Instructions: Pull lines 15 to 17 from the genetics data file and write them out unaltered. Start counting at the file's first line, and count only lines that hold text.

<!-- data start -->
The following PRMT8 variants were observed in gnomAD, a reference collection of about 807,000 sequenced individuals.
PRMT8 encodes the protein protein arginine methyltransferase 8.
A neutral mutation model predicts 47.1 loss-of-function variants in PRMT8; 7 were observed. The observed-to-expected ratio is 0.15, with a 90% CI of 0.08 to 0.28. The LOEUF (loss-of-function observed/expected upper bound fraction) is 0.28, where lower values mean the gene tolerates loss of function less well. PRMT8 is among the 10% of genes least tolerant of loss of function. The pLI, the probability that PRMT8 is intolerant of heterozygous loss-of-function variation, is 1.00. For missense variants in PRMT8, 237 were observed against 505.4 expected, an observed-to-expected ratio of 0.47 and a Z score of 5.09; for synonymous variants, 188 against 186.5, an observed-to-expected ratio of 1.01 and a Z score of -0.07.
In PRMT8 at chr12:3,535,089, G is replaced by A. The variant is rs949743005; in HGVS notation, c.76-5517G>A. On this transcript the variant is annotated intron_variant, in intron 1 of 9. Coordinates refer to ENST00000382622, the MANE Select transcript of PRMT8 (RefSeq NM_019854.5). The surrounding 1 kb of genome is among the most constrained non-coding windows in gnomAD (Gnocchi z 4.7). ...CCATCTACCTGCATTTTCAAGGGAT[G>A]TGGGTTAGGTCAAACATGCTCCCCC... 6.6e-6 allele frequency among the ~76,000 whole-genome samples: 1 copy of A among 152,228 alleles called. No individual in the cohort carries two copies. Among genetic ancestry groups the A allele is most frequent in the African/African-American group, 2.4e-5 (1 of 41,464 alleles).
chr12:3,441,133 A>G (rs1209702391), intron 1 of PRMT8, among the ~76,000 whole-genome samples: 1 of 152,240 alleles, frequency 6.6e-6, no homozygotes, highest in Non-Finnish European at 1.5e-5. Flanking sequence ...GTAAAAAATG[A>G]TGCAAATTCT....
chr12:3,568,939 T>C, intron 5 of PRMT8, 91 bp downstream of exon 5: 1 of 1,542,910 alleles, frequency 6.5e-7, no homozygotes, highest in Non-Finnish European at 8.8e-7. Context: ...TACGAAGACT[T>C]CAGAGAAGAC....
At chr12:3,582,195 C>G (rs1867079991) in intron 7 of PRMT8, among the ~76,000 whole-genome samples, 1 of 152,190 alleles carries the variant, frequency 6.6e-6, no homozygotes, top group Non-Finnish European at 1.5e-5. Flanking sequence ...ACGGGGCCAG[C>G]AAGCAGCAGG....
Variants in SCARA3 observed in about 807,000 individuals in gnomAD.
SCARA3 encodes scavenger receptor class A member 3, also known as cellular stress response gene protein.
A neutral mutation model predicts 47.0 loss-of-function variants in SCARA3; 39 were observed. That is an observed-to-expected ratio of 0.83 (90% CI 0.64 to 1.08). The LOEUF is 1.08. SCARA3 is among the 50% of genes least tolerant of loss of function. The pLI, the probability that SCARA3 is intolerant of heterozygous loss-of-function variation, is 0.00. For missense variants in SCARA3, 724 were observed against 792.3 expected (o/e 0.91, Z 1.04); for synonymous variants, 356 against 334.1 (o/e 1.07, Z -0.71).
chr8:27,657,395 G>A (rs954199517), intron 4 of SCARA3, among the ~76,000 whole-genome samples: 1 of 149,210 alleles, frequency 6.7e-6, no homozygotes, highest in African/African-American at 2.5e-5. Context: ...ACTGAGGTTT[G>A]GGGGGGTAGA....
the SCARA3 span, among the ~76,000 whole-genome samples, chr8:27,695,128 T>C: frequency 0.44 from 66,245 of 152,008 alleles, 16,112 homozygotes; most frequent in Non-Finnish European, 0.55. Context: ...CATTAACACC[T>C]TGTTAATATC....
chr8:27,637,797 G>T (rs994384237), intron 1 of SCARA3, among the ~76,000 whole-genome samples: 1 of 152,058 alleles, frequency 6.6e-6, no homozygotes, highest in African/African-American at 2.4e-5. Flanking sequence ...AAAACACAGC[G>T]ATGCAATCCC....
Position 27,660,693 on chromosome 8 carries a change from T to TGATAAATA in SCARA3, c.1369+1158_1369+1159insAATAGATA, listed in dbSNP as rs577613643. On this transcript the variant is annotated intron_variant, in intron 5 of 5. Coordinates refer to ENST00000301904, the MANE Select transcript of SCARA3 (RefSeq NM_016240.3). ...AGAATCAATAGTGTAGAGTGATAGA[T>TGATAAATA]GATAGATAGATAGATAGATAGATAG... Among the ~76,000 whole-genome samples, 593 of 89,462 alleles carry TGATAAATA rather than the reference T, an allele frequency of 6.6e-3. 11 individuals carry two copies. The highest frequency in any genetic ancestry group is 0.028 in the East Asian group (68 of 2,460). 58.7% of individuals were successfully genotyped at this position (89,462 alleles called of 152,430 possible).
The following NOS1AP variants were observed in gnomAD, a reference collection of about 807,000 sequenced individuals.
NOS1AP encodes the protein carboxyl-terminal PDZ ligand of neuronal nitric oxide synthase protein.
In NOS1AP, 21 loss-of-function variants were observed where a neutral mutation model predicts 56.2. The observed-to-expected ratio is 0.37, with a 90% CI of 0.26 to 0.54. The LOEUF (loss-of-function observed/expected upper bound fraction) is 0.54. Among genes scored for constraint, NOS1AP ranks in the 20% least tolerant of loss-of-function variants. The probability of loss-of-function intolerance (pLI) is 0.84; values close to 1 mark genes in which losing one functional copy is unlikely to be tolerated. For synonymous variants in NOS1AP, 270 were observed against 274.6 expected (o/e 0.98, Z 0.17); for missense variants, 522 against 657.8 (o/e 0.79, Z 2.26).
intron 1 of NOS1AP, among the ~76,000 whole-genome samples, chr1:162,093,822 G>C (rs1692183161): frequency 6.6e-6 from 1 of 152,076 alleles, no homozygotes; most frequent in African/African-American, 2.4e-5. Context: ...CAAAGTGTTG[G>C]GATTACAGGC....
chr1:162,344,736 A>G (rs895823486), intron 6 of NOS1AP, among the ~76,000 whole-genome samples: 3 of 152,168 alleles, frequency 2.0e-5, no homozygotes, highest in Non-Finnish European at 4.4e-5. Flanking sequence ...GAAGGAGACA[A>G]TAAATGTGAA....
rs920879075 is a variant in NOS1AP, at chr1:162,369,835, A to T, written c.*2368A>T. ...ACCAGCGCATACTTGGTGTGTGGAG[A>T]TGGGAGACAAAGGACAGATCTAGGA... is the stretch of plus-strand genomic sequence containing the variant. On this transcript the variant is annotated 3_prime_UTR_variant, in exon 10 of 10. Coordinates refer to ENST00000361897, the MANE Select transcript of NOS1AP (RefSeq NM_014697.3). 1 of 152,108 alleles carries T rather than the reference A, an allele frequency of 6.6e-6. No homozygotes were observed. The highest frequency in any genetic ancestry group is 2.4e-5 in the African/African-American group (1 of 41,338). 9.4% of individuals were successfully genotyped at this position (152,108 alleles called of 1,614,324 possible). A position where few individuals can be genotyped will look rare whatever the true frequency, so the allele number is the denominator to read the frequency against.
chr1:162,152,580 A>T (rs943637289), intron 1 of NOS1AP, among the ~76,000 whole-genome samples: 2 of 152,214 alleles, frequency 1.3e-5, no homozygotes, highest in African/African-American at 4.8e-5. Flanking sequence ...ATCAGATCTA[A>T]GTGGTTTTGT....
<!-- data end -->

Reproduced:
The following NOS1AP variants were observed in gnomAD, a reference collection of about 807,000 sequenced individuals.
NOS1AP encodes the protein carboxyl-terminal PDZ ligand of neuronal nitric oxide synthase protein.
In NOS1AP, 21 loss-of-function variants were observed where a neutral mutation model predicts 56.2. The observed-to-expected ratio is 0.37, with a 90% CI of 0.26 to 0.54. The LOEUF (loss-of-function observed/expected upper bound fraction) is 0.54. Among genes scored for constraint, NOS1AP ranks in the 20% least tolerant of loss-of-function variants. The probability of loss-of-function intolerance (pLI) is 0.84; values close to 1 mark genes in which losing one functional copy is unlikely to be tolerated. For synonymous variants in NOS1AP, 270 were observed against 274.6 expected (o/e 0.98, Z 0.17); for missense variants, 522 against 657.8 (o/e 0.79, Z 2.26).